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11.01.2017

Turkey gets head of Kurdish news agency arrested in Belgium

by Ana Ribeiro

After restricting a German comedian’s freedom of speech over a satirical poem on President Erdoğan, the Turkish state's hand has reached even more firmly into the EU against the media - with the arrest of a Kurd in Belgium.

Turkey fortress_900X600 The oppressive Turkish state once again gets its way against the media in Europe, targeting a Kurdish journalist, who is now out on bail after a stint in a Belgian prison. Photo: public domain

Maxime Azadi, who runs the Netherlands-based Kurdish news agency ANF, was stopped and arrested in Belgium and then released on bail in late December. Turkish authorities had been investigating Azadi’s reporting on the Kurdish Workers’ Party (PKK) and blacklisted him as a possible collaborator with the PKK, considered a terrorist organisation.

The case involves ANF’s publication in March 2013 of “the identities of people considered responsible for the deaths of PKK militants,” French-language news site 7sur7 reports. Turkish officials deemed the publication of the names a harmful interference into their own investigation regarding the culprits.

Azadi is well-established in Europe, connected with and outspoken regarding the Kurdish and Turkish issues.

Reaching into European borders

According to the Council of Europe’s “media freedom alerts” section, Turkey got both Belgium and Interpol involved in the case, with a “red notice” being issued for Azadi’s detention. The Interpol website describes a “red notice” as “a request to locate and provisionally arrest an individual pending extradition,” rather than an international arrest warrant per se.

Interpol puts out the alert to “police all around the world” after a member country files a request for the notice along with information on a suspect, and it is accepted - but it is not legally binding unless other countries’ authorities decide to make it so. On 16 December, in the Belgian city of Turnhout, a judge ruled in favor of an arrest warrant for Azadi; his attorney filed a motion for his release three days later, and Azadi obtained it on 23 December upon making bail.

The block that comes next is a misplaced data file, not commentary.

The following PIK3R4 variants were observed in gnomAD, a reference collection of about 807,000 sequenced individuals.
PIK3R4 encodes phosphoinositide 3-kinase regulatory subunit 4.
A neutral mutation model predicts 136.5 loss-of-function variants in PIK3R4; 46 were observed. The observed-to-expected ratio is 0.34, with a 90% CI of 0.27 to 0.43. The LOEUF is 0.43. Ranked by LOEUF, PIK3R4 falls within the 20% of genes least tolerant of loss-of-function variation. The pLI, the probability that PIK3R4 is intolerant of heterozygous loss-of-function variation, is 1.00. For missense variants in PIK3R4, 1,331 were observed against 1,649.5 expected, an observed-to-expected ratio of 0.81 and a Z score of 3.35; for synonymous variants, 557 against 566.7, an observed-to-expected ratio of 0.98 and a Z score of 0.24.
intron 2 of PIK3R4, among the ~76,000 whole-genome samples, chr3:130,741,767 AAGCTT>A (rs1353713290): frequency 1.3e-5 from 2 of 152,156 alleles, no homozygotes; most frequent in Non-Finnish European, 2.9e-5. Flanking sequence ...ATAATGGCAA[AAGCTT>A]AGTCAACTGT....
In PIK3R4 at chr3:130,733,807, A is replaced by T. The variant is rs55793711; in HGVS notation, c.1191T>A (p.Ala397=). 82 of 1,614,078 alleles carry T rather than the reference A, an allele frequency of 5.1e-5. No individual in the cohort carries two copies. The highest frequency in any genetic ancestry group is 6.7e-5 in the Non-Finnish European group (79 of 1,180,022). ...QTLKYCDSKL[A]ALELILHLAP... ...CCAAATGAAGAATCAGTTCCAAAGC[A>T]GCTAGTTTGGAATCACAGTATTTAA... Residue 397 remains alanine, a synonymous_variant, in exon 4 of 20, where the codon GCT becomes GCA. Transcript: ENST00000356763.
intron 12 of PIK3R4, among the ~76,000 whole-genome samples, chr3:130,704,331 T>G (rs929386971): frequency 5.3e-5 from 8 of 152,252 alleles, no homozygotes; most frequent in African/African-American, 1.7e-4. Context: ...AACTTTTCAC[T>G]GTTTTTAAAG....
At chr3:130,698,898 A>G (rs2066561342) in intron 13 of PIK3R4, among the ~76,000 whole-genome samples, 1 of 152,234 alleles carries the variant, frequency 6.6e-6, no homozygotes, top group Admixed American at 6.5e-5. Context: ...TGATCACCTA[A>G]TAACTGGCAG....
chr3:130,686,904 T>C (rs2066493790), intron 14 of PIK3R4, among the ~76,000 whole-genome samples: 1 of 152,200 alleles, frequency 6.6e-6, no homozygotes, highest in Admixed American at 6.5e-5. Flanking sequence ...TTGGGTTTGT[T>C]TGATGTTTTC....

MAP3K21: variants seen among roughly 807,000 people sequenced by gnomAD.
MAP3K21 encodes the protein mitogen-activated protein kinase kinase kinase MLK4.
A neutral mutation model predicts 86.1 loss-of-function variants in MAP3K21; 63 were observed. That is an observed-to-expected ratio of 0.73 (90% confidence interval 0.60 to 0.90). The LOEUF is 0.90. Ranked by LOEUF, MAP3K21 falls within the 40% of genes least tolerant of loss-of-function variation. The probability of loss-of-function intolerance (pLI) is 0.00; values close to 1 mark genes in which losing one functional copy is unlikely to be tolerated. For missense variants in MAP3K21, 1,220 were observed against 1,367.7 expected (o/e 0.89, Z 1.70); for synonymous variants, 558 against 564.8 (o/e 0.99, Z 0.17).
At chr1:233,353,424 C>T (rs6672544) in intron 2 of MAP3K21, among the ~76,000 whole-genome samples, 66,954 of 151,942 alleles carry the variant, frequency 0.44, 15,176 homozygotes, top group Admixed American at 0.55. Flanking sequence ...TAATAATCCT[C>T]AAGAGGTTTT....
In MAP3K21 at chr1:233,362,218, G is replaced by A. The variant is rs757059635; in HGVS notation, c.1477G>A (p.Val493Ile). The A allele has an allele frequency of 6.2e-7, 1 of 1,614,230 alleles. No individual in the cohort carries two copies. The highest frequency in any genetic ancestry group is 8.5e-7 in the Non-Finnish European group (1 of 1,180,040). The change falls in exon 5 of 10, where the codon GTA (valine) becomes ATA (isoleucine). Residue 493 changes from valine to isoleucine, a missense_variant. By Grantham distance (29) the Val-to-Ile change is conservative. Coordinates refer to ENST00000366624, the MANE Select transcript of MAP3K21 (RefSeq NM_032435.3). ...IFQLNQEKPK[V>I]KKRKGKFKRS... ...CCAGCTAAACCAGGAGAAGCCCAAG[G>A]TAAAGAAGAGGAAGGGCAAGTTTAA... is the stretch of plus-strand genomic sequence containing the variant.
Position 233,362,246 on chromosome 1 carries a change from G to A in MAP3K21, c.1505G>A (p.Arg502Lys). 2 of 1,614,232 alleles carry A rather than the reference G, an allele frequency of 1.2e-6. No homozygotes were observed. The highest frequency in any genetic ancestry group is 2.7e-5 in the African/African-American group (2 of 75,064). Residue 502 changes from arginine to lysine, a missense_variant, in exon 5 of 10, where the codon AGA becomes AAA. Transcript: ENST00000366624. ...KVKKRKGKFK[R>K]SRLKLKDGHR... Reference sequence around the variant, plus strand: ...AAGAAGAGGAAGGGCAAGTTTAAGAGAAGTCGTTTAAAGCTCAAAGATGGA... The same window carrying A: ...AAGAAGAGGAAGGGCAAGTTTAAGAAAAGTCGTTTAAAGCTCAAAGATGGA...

Maxime Azadi Twitter Screenshot from Maxime Azadi's Twitter

Besides running ANF News, Azadi is active as a blogger for French investigative platform Mediapart and also has a Twitter account. He openly criticises the Erdoğan regime online and closely follows the collapse of human rights in Turkey under the extended “state of emergency” after the July 2016 coup attempt.

The International Federation of Journalists (IFJ) called Azadi's arrest a "dangerous precedent that could threaten the security of Kurdish and Turkish journalists exiled in Europe".

Speaking out

On 29 December, Azadi blogged about his ordeal in Belgium, where he had gone on hunger strike and faced precarious conditions in jail. He had been confined to his cell 24 hours a day, with the toilet in the same space where he had to eat and sleep, and was not allowed to make phone calls. He defended his innocence, while condemning his treatment as a “terrorist” and “illegal alien” even though he’s a journalist and an EU citizen.

Azadi also expressed outrage that the authorities would give credence to accusations coming from the oppressive Turkish regime. He suggested he narrowly avoided extradition to Turkey, where he could face up to 25 years in prison because of his news agency’s reporting.

“In two weeks, in a European country, I had gotten to know the Interpol, a cell in a police station, prison, isolation and the threat of extradition to a country headed by a despot. It is the story of the complicity of the European authorities with Turkey and a series of injustices and absurdities.”


More

You can read the full post on the journalist's ordeal, in French, on Azadi’s Mediapart blog, Au-delà de l'information (“Beyond the information”).



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